I don’t know whether to call this a jam or a jelly as it sits somewhere between the two. I included grape flesh but omitted the seeds and skins.
It’s canning season! To get in the spirit, Margaret of A Way to Garden and I are hosting a canning extravaganza and giveaway thanks to our newest sponsor, Peaceful Valley Farm & Garden Supply. Giveaway details can be found at the bottom of this post.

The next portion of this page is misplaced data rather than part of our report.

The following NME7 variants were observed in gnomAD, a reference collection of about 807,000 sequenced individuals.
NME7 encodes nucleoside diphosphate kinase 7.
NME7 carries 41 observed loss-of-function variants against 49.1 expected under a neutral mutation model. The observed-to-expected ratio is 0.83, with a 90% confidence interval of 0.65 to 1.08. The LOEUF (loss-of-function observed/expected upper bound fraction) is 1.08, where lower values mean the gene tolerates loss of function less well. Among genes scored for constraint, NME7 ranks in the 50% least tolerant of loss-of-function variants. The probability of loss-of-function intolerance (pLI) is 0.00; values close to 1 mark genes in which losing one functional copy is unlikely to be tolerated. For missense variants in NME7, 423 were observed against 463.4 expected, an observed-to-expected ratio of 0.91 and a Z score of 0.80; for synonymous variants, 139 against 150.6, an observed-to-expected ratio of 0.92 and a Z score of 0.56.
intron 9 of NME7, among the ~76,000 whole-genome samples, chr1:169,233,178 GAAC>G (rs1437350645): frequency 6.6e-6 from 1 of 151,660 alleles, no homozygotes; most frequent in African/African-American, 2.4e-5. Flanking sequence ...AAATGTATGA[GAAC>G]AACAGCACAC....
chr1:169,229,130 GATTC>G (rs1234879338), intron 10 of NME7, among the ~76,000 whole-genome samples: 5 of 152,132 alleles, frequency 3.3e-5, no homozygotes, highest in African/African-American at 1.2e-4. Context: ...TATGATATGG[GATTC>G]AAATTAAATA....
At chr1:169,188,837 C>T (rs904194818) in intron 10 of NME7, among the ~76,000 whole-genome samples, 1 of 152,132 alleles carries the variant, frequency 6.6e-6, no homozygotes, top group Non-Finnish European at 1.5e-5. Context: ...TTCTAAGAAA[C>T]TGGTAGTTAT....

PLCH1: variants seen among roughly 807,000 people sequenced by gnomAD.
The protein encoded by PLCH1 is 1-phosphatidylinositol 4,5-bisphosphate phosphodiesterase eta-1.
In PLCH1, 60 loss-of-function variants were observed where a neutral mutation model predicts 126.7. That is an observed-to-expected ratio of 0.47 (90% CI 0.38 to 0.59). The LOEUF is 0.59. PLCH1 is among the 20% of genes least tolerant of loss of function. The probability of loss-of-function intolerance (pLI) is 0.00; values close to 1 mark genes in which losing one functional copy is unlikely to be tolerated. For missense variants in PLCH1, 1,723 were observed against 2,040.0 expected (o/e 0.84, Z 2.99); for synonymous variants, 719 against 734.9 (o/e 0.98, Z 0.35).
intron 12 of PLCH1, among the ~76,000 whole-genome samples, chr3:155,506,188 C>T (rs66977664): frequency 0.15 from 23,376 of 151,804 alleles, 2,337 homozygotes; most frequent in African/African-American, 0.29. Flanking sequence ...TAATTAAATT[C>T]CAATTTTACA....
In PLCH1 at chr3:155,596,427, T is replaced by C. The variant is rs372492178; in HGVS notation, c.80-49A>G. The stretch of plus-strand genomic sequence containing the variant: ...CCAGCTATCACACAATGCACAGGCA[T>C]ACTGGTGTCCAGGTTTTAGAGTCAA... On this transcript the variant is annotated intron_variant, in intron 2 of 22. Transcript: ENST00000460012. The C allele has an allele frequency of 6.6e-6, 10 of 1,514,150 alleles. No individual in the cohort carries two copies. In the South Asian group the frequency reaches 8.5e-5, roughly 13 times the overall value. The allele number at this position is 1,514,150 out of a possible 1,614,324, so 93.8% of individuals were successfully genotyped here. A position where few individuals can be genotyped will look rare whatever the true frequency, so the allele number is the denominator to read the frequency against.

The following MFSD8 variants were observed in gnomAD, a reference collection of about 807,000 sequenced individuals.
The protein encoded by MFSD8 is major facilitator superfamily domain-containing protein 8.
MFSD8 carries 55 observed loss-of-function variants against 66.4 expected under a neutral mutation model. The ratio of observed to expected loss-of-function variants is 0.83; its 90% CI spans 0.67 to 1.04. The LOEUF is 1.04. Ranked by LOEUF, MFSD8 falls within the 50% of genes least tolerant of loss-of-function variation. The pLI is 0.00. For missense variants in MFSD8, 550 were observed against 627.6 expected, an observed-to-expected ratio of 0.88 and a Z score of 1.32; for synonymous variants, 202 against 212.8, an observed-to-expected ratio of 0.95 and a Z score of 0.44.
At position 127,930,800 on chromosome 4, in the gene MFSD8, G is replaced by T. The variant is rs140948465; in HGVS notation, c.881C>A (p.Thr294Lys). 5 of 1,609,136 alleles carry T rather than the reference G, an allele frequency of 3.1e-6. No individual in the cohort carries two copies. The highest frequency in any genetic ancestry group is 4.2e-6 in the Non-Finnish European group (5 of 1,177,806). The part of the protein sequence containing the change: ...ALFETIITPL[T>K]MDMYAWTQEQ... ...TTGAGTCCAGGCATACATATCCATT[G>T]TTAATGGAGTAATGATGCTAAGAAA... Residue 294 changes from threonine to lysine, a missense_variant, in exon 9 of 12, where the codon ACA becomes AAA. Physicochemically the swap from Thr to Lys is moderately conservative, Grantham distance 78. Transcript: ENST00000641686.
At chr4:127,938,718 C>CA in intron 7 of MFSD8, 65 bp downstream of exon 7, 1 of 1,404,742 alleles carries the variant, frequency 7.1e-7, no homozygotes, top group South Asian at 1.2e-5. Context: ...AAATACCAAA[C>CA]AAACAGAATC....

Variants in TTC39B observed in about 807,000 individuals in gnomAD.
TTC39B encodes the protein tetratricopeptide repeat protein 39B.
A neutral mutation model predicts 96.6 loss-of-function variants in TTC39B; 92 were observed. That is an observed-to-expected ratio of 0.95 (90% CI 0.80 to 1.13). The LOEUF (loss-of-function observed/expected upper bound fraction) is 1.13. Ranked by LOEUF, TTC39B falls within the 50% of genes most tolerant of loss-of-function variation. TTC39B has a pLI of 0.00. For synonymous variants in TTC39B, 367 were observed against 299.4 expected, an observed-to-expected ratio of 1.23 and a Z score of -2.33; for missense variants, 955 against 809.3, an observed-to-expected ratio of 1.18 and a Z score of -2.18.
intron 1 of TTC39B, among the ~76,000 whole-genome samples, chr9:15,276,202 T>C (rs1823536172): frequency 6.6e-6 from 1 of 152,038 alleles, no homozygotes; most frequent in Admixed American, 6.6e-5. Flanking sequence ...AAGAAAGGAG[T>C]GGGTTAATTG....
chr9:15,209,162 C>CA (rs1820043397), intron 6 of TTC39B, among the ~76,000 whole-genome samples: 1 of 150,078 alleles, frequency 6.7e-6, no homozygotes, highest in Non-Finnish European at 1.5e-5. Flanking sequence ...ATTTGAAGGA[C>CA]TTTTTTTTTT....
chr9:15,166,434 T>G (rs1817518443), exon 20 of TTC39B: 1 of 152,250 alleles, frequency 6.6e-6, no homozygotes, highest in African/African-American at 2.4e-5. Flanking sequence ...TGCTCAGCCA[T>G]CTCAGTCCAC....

Canning is joyful, fun, and creative activity, but make no mistake, it is work. I’m not sure if it is the creative impulse or the fact of the hard work, but all canners inevitably seem to follow a trajectory that begins in hesitation and fear (OMG will I accidentally kill my friends and family!?), and ends in crazed jar hoarding and pimping. Many of you have followed along on this website or social media where I have mentioned the lengths I have gone to to acquire and schlep home pretty jars that I can’t buy here in Canada. For practical and budgetary reasons I still put up the bulk of my wares in the cheapest jars I can find wither thrifted or new, but the fact remains that I want the aesthetics of my handiwork to reflect the quality of the work I put into filling them. I gotta have nice jars!